Follow us on Instagram!

Skip to main content

How to Reduce Your Elbow Bursitis Pain

How to Reduce Your Elbow Bursitis Pain

Many of the joints in your body have fluid-filled sacs called bursae that cushion the bones, muscles, and tendons that make up a joint’s system. When a bursa sac becomes inflamed, it can cause significant pain and restricted motion. The elbow is a common location for this type of inflammation, called bursitis

As elbow pain specialists, we at Bahri Orthopedics & Sports Medicine Clinic frequently treat patients with inflammation of the olecranon bursa, the sac that protects the elbow. Often, we start with conservative treatment techniques, giving the body time to heal itself first before moving on to more aggressive strategies. 

If your elbow is swollen due to overuse or repetitive strain, you can start the RICE protocol to reduce your elbow bursitis pain. Contact our office if these steps produce no relief or if your elbow condition is followed a traumatic injury. 

Bursitis symptoms

Pain is usually the first noticeable sign of bursitis in the elbow. It’s commonly accompanied by noticeable swelling too. Infections can sometimes trigger bursitis. If this is the case, you may observe skin discoloration and warmth in the affected area. 

The RICE protocol

A treatment plan for many soft tissue injuries, a four-step process can often relieve pain, reduce swelling, and jump-start natural healing. It uses the mnemonic RICE based on the names of each step. Since elbow bursitis often develops slowly, without an obvious event, providing the injured elbow with home care may be all you need to resolve the problem.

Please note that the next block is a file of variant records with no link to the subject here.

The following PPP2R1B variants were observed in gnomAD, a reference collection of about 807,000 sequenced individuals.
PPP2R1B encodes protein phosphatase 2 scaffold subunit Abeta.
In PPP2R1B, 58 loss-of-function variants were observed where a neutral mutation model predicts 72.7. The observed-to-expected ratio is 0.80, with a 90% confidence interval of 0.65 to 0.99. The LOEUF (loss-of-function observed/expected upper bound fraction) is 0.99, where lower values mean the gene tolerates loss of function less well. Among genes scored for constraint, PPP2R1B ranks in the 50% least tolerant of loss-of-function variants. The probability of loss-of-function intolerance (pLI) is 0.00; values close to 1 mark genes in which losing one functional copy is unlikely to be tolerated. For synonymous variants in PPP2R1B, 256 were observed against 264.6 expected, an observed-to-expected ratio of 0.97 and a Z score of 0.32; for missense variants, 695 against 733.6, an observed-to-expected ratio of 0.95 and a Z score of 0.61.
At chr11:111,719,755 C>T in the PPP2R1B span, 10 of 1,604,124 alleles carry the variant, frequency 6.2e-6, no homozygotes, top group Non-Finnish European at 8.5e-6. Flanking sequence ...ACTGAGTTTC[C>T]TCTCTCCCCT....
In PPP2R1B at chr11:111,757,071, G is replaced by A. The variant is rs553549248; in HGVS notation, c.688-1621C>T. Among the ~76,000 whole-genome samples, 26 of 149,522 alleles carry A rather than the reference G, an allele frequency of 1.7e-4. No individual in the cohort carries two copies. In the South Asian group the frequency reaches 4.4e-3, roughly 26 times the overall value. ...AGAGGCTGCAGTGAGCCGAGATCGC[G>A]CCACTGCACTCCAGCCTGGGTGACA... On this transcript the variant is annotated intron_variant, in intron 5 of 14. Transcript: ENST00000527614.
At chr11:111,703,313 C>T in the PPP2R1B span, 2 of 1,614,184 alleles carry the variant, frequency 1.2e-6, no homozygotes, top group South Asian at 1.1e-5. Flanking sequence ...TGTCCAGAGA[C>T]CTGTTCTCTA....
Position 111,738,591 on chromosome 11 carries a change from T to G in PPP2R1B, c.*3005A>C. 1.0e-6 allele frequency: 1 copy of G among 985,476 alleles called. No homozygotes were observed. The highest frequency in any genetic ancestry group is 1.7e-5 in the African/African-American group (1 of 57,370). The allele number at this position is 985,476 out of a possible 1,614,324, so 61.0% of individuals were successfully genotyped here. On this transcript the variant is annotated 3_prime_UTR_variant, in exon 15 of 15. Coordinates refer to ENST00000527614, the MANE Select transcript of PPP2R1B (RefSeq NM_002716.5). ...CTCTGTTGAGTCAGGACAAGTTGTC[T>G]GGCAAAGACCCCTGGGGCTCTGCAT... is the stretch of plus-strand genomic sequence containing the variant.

Restrict the use of the affected elbow when pain and inflammation begin. Avoid leaning on the elbow or using it in a way that aggravates your pain. This may require changes to your daily routine or modifications to common activities. Wearing a sling or an elbow pad may also take some strain off the joint. 


Cold compresses help to reduce inflammation and reduce pain associated with your bursitis. Use an ice pack several times a day in 15-minute sessions. Don’t apply ice directly to the skin. Wrap a cloth around the ice pack to protect your skin from damage. After 48 hours, you can alternate cold and hot therapy. 


Elastic compression bandages help to control swelling. Wrapping your elbow can also increase your awareness of the injury so that you don’t disturb the rest that the joint needs to recover. 


When possible, keep the injured elbow above the level of your heart to encourage drainage and reduce swelling.

Supplement your RICE treatments with non-steroidal anti-inflammatory (NSAID) pain medications. Ibuprofen and naproxen can be purchased over the counter. Diclofenac is an NSAID available in a topical ointment for direct application to the skin. Use this if oral NSAIDs upset your stomach. 

When conservative home treatment fails to reduce your symptoms in a few days, contact the nearest of our offices to schedule an exam. You can book your visit by phone or online. We’re standing by to examine and diagnose your elbow, so make an appointment now. 

You Might Also Enjoy...

 When Does Hip Pain Require Medical Attention?

When Does Hip Pain Require Medical Attention?

Hip pain may stem from a sudden trauma or a long-term condition. Prompt care may be obvious in the case of injury, but the gradual onset of pain may have you asking when hip pain requires medical attention.

Is Scoliosis Serious?

Scoliosis can be serious, but most cases are not. Treatments can minimize the condition's impact, particularly when it’s caught early in childhood or adolescence.

Can Plantar Fasciitis Resolve on Its Own?

When you develop heel pain, chances are good that the cause is plantar fasciitis. Tiny tears result from stress on the foot, causing sharp and stabbing pain. Plantar fasciitis may start without an obvious cause or injury.

3 Telltale Signs of a Labrum Tear

Hip and shoulder injuries often trace back to a cupping rim of tissue called the labrum that provides stability to these ball-and-socket joints. There are three telltale signs when a labrum tear occurs in either joint.